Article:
Sometimes, the combination of a movie’s interesting premise, decorated starpower and promise of an interesting throwback experience sounds too good to pass up. Cue the first wide release of 2021, released in theaters and on HBO Max.
New from writer-director John Lee Hancock (“The Blind Side,” “The Highwaymen”) comes “The Little Things,” a crime thriller following two cops on the hunt for a serial killer in 1990 Los Angeles.
Denzel Washington and Rami Malek play the officers, the former haunted by his mysterious past and the latter young and ambitious. Jared Leto stars as their creepy, greasy prime suspect. All three leads have an Academy Award under their belt. All three are heavy-hitters in the right light.
As far as what is to be expected of a 90s LA neo-noir, Hancock’s direction and photography are spot-on. The lighting is a high point too, with such staples as dimly lit streets and a flashlight gleaming around an apartment. An updated score by Thomas Newman also tries to bring “The Little Things” to the modern screen.
The fun, unfortunately, stops there. The editing is at some points abysmal. Rapidfire shots jump around simple dialogue scenes, and continuity takes a noticeable absence from others. The script is tiresome and stiff, leaving a dull, predictable story that is far from captivating.
The reason for “The Little Things’” out of fashion atmosphere is that it was written in the early 1990s. Thirty years is a long time for a script to hit the screen. Recognized mainly by the eye roll-worthy one-liners (at one point, Washington’s character says, “harder than Chinese arithmetic,” which surely would have absolutely killed over 20 years ago), the film is all but inventive when it comes to dialogue. There is much emphasis on the “coolness” of the line delivery, but there isn’t much depth to the words at all.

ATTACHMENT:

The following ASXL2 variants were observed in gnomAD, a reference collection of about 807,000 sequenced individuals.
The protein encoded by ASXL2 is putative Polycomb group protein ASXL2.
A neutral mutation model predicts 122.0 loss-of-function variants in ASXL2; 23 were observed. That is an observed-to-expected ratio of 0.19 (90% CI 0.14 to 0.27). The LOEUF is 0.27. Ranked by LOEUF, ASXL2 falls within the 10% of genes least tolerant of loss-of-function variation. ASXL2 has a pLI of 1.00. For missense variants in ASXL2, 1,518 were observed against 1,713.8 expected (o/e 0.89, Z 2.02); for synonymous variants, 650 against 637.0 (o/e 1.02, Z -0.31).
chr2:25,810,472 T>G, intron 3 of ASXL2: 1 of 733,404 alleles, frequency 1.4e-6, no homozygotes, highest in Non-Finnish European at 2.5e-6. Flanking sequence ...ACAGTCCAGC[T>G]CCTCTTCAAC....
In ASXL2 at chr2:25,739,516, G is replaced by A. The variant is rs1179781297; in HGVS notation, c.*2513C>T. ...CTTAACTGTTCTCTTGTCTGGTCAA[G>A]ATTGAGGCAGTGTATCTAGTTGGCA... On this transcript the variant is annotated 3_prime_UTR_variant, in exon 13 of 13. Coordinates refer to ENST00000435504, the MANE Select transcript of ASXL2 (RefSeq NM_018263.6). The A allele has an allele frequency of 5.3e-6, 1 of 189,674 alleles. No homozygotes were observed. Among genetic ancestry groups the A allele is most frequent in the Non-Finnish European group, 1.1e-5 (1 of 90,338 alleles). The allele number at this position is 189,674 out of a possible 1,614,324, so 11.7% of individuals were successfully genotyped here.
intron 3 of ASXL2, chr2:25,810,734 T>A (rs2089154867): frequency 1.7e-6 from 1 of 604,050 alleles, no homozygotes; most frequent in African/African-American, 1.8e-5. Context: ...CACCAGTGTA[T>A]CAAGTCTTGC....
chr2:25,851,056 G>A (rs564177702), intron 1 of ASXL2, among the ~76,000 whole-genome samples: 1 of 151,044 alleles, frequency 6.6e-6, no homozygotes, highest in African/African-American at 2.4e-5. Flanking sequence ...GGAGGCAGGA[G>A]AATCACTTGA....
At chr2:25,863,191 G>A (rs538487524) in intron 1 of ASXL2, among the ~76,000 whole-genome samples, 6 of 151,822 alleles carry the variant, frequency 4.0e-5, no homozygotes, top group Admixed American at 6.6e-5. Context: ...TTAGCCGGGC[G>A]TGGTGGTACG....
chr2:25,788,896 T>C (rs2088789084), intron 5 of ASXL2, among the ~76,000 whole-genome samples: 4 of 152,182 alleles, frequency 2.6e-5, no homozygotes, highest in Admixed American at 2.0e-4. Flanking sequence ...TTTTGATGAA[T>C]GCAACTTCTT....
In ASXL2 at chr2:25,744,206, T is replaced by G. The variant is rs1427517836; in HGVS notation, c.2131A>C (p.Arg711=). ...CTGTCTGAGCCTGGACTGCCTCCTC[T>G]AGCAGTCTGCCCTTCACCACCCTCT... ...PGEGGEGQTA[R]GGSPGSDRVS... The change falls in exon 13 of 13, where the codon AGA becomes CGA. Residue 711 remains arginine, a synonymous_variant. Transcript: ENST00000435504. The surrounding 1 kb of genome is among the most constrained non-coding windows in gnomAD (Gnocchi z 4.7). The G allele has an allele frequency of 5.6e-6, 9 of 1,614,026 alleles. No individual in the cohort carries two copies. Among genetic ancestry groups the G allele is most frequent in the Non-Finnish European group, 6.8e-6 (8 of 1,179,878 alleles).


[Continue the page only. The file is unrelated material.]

As far as the performances go, Malek and Washington are fine. There’s not a lot of chemistry, but the script doesn’t exactly allow it. The story feels like it should center closer to Washington’s past eating away at him and his relationship with his wet-behind-the-ears partner. It is far from hitting that mark, and there is too much attention paid to Leto overacting circles around the duo.
Although written before “Seven,” there is no denying the obvious similarities. With the huge cultural resonance that came with David Fincher’s 1995 hit, audiences will inevitably draw comparisons, whether the creative choices were intentional or not. The similarities run further than “old-school meets new-school to catch a psycho killer that plays mind games.”
Rather than spending two hours on “The Little Things,” go catch up on suspenseful neo-noirs of the 1990s. It’s the little things that torpedo a movie; it’s the little things that get you caught.